Yoni Ki Baat (YKB), performed annually in San Francisco, was created by a group of diverse strong-headed South Asian women called the South Asian Sisters ( . Monologues performed at Clark’s very own YKB were a combination of those written by the original South Asian Sisters and others written/compiled by Clarkies themselves.

The South Asian Student Association (SASA) is always known to put up a great YKB every year. However, having attended two other YKBs during my time here, I personally felt that this was one of the biggest, most relatable and unique YKBs so far. Many exceptional new pieces were introduced in the show and many very well-written pieces as well. There were first-year Clarkies who showed their utmost enthusiasm by writing and performing their own pieces with grace and confidence. It was absolutely amazing to see so many wonderful individuals put so much work into promoting and educating others about the issues that women face in South Asia.

My favorites from the show were ‘Rape culture’ performed by Bhumika Regmi, ‘Women there are so oppressed’ by Meyru Bhanti and ‘Mum’s the word’ by Lubaina Selani. Bhumika’s piece brought together discriminatory experiences women face, since childhood, and how it’s time to change people’s mentality and break this long chain of discrimination passed on from one generation to the other. Meyru’s piece, on the other hand, was a more light-toned-sarcastic-funny piece (as the title may suggest) that talked about very important perceptions of feminism in the first world and the third world. Last but not the least, Lubaina’s very intimate personal monologue talked about a 20-something women finding it hard to share all her experiences and heartbreak with her own mother—a very common phenomenon in the South Asian culture.

Having performed in this year’s YKB as well, I got a first row view as to how much work actually takes place to put on shows like these. Hours and weeks of rehearsing, memorizing, improving and providing constructive feedback to performers were immensely challenging and time consuming tasks. But it was all worth it when I was up on stage—nervous, excited, unsure and confident… all of it all together! It felt amazing to hear a room full of people cheer and clap after showcasing something you put weeks into making perfect! It was such an amazing experience that I was actually suffering from YKB-withdrawal afterwards!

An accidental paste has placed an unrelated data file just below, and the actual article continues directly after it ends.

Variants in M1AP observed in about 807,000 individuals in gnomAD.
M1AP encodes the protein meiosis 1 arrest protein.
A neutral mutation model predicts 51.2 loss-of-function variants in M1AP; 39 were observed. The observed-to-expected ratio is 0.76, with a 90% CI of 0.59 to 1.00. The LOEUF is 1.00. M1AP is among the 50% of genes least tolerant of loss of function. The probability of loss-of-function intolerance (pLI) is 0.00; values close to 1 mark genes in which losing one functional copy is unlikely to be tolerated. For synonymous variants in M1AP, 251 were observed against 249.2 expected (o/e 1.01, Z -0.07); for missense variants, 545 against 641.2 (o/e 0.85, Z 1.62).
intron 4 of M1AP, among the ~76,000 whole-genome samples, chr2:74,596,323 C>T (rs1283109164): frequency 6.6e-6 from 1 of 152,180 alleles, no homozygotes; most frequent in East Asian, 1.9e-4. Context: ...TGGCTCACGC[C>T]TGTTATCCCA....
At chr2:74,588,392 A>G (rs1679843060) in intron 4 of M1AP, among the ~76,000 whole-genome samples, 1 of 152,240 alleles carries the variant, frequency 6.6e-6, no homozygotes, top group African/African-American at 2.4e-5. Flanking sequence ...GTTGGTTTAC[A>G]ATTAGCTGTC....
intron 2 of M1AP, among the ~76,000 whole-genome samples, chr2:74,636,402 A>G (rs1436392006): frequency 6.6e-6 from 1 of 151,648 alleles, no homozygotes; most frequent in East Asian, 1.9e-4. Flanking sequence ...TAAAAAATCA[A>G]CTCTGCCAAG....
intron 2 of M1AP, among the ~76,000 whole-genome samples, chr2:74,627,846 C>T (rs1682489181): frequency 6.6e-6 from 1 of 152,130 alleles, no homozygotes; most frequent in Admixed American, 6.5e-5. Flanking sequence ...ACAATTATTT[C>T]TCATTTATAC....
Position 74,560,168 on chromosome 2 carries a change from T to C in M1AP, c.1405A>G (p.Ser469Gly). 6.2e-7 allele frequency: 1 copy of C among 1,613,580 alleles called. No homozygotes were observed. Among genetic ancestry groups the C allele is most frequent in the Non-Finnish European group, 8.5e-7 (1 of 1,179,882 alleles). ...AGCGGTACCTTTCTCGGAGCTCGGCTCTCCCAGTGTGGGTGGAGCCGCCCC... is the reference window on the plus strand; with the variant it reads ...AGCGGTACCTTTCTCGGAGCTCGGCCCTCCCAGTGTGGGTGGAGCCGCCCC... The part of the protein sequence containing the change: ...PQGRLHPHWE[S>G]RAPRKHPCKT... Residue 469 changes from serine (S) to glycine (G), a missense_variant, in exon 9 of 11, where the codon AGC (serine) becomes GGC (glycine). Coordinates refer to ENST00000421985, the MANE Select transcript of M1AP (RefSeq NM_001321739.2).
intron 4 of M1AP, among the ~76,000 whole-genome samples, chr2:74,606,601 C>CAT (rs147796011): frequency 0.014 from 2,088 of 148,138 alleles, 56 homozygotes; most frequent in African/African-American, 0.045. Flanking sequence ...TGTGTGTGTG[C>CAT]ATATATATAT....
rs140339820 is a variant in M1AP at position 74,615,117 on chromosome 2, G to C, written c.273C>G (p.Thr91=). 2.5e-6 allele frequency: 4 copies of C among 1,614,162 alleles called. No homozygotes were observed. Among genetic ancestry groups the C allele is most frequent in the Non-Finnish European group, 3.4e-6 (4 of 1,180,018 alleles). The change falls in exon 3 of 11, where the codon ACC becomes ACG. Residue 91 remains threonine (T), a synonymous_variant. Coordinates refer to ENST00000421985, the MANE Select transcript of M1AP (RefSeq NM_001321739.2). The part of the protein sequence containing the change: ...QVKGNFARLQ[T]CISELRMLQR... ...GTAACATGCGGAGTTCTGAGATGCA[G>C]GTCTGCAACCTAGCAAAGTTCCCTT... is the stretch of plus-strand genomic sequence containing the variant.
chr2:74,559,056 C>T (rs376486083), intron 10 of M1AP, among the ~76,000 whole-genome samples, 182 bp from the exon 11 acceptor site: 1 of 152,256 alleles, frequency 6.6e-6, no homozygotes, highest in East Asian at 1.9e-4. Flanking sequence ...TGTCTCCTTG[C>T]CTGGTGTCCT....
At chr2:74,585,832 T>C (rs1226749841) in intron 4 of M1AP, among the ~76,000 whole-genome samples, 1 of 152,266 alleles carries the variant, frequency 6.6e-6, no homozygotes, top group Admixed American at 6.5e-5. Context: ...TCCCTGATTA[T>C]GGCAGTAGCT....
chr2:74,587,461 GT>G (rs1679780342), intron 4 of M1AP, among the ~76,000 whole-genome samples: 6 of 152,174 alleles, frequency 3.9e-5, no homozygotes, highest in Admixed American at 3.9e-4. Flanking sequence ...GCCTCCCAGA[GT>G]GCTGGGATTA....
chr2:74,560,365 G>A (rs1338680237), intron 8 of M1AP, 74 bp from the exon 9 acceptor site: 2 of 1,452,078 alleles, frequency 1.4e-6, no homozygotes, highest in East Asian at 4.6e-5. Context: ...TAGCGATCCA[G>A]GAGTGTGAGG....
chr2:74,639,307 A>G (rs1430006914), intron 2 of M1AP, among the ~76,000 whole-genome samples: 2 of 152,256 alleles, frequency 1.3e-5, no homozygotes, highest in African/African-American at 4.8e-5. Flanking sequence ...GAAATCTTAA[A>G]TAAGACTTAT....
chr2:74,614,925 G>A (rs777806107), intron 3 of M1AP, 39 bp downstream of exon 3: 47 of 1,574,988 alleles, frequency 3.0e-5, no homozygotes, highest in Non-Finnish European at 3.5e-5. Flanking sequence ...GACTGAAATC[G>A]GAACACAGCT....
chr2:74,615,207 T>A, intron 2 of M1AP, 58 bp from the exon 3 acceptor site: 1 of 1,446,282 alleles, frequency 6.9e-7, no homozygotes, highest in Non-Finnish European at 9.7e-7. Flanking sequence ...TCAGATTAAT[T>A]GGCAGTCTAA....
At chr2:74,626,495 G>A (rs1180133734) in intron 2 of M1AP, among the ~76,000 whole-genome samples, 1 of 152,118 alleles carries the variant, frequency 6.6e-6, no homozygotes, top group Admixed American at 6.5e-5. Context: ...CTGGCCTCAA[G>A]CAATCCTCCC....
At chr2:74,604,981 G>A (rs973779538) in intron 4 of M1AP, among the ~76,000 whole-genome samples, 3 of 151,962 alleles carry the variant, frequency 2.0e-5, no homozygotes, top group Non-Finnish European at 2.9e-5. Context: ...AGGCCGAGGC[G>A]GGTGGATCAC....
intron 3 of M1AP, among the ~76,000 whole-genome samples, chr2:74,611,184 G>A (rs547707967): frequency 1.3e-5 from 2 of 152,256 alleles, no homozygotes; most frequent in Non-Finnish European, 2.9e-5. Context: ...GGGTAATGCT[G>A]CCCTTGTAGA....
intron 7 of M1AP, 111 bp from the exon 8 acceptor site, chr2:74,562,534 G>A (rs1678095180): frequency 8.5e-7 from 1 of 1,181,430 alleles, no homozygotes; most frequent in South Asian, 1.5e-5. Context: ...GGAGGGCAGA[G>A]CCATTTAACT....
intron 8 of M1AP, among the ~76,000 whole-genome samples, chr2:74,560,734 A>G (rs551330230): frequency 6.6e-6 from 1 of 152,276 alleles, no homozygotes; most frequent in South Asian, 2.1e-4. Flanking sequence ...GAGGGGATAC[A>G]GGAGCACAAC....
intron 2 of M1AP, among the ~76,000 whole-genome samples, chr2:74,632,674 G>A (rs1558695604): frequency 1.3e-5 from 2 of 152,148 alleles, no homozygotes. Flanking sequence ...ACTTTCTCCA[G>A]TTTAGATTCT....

It’s always great to attend events at Clark that try to give you new outlook and insight to world issues through unique events such as vagina monologues. It truly engages the audiences and makes sure everyone has something to take home with them. As an aware South Asian I wouldn’t say this was the first time I had heard of these issues. However, I still took with me a non-South Asian community that was now aware and quite supportive of a very big part of my culture.

-Brown and Proud! Suaida Firoze

A Poem About Winter


Blistering, bustling sheets of snow
Peircing wind blowing as we go
Sparkling white on the first day
But we live in a city so it never stays
Instead that brown slosh just wont go away​.
Though, its not all so bad, you see.
We are all so lucky just to be
Here at this quirky, liberal university.
Dreaming of spring and warm summer air,
But the cold keeps most inside their cozy lairs.
Once it was said to me before I had my feathers,
“No such thing as bad weather, only the clothes you wear.”

-Annalise Kukor


photos by Demet Senturk

Celebrating Lunar New Year with the Asian Cultural Society


Clark University’s very own Asian Cultural Society hosted their annual Lunar New Year celebration in Tilton Hall this past Saturday, February 7th to celebrate the New Year in Japan, Vietnam, North Korea, South Korea and Singapore. The night mostly consisted of performances that highlight traditions in these countries. The student club opened the program with the Lion Dance, which was put on by Worcester youth neighborhood dancers. The Lion Dance is “thought to bring good luck. There are usually two dancers. One acts as the head and the other the body. They dance to a drum, cymbals and a gong. On the head of the lion is mirror so that evil spirits will be frightened away by their own reflections”(Top Marks 2015).


Following the resounding performance, Professor Alice Valentine came on stage for opening remarks in which she highlighted that there were 3 ways Clark University is making Asian connections in the past, present and future that will make a difference in our lives today. She began by reviewing 3 Clark alumni who were Chinese who attended Clark 80 to 90 years ago. These 3 alumni have challenged and changed the world.

The first Clark alumnus who was Chinese came to Clark to earn his BA degree in 1913. Once upon gaining his BA at Clark and eventually getting a PhD at Columbia, this alumnus went back to China to teach at a prestigious university. He was best known as one of the original drafters of the Universal Declaration of Human Rights and served along with Eleanor Roosevelt in the committee that drafted the document.

The second Chinese Clark alumnus, who attended Clark for a couple of years and continued his education at Harvard University, became famous at the turn of the 20th century. This individual returned to his native country to China and became the top archaeologist in his generation. His profession lead him to be an asset for groundbreaking important excavations of the Shang Dynasty from 1500-1050 BC.

The last and final Chinese alumnus, Professor Valentine, was a student who attended Clark and studied History. He went on to study at Columbia and then Cambridge University in England. He fell in love with English poetry and went on to become the most famous Chinese poet of the 20th century.